This means I spend my time thinking out loud rather than crafting pitches that often end up in a dark hole. Or chasing payment after a piece has been published. On one occasion, it took a magazine an entire calendar year to pay me. Because this is how glamorous professional writing can be. You work non-stop but money remains elusive, and by the time it turns up you’re already broke and in debt because it took ages to get paid.

Here, payment isn’t (yet, and may never be) commensurate with professional fees in my case but it happens, regular as clockwork at the end of the month.

To someone in as desperate a situation as mine, this is hugely helpful.

With writing as with everything else, reward is commensurate with effort, consistency, and quality.

Keep at it, iterate, learn from what works and what doesn’t, and eventually something will stick. You don’t even have to tap into the zeitgeist to drum up engagement as niche formats like poetry and original thinking are at home online, too.

When you’re prepared to stay the course, experiment, and not let stats faze you, you can create a modest momentum as long as you also interact with others whenever you can.

Much like writing, mindful interaction takes up a significant amount of time.

If you only feel strongly about calling yourself a writer but not about the work required to become one and reaching out to other humans, you will fail.

Some folks have crashed and burned in fits of self-importance and dragged others down with them. They believed themselves to be better than the rest of us but feedback failed to support that belief so they lashed out. At the algorithm. At the platform. At its staff and creator, while a little humility and extra work could easily have fixed their issues.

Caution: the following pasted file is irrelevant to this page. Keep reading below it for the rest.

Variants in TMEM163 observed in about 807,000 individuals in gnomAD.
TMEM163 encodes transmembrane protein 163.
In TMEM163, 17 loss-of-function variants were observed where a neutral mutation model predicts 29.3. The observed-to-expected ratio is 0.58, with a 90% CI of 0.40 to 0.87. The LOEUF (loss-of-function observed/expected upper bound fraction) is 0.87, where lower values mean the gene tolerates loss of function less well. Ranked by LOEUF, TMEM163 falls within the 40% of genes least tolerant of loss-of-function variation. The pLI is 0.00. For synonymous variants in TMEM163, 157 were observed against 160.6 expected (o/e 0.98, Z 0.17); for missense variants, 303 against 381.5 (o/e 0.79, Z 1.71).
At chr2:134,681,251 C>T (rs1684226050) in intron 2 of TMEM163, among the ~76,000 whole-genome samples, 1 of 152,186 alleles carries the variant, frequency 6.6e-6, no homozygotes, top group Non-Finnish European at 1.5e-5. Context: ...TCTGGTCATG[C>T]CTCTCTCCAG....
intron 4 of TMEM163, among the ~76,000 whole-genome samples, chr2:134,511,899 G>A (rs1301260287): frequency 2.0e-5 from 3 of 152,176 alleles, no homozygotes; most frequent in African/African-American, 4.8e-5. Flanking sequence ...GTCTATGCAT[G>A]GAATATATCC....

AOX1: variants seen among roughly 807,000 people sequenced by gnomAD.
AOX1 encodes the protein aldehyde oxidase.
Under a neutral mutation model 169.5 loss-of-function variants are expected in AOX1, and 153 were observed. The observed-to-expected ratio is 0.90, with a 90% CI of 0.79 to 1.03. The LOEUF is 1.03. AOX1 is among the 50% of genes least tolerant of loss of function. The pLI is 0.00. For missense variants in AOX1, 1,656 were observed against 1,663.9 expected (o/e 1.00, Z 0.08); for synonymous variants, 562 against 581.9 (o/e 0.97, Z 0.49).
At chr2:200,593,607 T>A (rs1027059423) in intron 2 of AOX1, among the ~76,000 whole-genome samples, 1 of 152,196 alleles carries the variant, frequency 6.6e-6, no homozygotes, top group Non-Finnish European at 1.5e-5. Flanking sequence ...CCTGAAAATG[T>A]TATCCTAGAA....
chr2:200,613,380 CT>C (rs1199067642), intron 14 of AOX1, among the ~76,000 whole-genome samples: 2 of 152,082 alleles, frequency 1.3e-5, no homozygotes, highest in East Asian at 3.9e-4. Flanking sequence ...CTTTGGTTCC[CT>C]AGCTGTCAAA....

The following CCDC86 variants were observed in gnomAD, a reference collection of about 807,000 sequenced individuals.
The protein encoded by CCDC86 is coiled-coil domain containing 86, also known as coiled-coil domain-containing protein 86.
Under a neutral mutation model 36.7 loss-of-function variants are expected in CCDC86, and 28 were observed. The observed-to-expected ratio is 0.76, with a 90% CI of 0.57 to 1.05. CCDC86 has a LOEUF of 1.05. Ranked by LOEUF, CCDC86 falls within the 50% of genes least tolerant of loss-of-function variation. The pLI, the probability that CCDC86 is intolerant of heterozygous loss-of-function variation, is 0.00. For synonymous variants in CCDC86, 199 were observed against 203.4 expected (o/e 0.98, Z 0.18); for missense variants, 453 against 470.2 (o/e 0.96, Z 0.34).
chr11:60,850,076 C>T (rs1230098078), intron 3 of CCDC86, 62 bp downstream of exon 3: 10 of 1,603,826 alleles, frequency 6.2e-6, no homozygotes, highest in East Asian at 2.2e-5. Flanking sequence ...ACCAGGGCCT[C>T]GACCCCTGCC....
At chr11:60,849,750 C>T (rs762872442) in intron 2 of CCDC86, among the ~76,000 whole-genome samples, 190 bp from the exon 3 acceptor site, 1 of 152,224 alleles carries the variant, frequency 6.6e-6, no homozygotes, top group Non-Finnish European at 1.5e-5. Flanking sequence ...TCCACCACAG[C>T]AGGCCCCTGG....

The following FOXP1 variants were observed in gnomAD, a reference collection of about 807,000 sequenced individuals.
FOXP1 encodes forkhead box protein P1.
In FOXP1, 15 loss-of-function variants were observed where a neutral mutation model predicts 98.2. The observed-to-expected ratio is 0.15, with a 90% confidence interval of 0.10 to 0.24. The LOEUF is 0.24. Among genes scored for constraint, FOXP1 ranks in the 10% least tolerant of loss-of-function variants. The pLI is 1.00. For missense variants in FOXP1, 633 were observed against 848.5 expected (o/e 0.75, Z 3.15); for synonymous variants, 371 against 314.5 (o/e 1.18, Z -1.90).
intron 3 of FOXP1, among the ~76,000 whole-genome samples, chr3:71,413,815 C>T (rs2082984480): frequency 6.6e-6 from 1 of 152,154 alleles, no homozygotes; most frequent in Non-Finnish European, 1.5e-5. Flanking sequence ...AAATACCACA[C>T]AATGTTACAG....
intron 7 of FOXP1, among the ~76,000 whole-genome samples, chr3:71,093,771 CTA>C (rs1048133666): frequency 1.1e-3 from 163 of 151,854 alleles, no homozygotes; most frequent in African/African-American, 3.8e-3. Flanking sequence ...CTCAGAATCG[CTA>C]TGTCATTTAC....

Because we’re all in this adventure together. The internet has leveled the playing field and, to some extent, is doing away with traditional media gatekeepers. This means showcasing more diverse voices from all walks of life as people who never had any say before can now write alongside those used to being listened to. And more often than not, an unknown can generate as much if not more engagement that someone with a book excerpt.

This gives me faith in the future of media and democracy.

It also gives me faith in the future of writing as a profession that may someday come to allow the majority of those who practice it to make a living wage. Or at least some impactful supplemental income if it’s a part-time gig. Depending on your circumstances, impactful can mean an extra $50 a month. And yes, this is achievable with a little work.

What’s more, if you are serious about writing to affect social change, Medium allows you to leave no reader behind. When you share a friends’ link to a locked post, anyone can read it and share it.

Instead of revenue, your reach grows as your work finds new readers in unexpected places. To me, survival is predicated on achieving modest financial self-sufficiency at some stage but that’s only the half of it. When you’ve been cut off from the world for years as I have, the potential for meaningful connections with others is priceless.

Sometimes, audience engagement can be a random act of algorithm that catapults you into someone else’s orbit and them into yours.

A meeting of the minds follows, your writing changes, your creativity becomes a meteor hurtling through the space and time continuum, and you thank the robot overlords — and emotionally intelligent design— for upending your life.

Because everything always comes down to people.

Why else would we write?

I’m a French-American writer, journalist, and editor living out of a suitcase in transit between North America and Europe. To continue the conversation, follow the bird. For email and everything else, deets in bio.

The human condition is not a pathology・👋ASingularStory[at]gmail・ ☕️ https://ko-fi.com/ASingularStory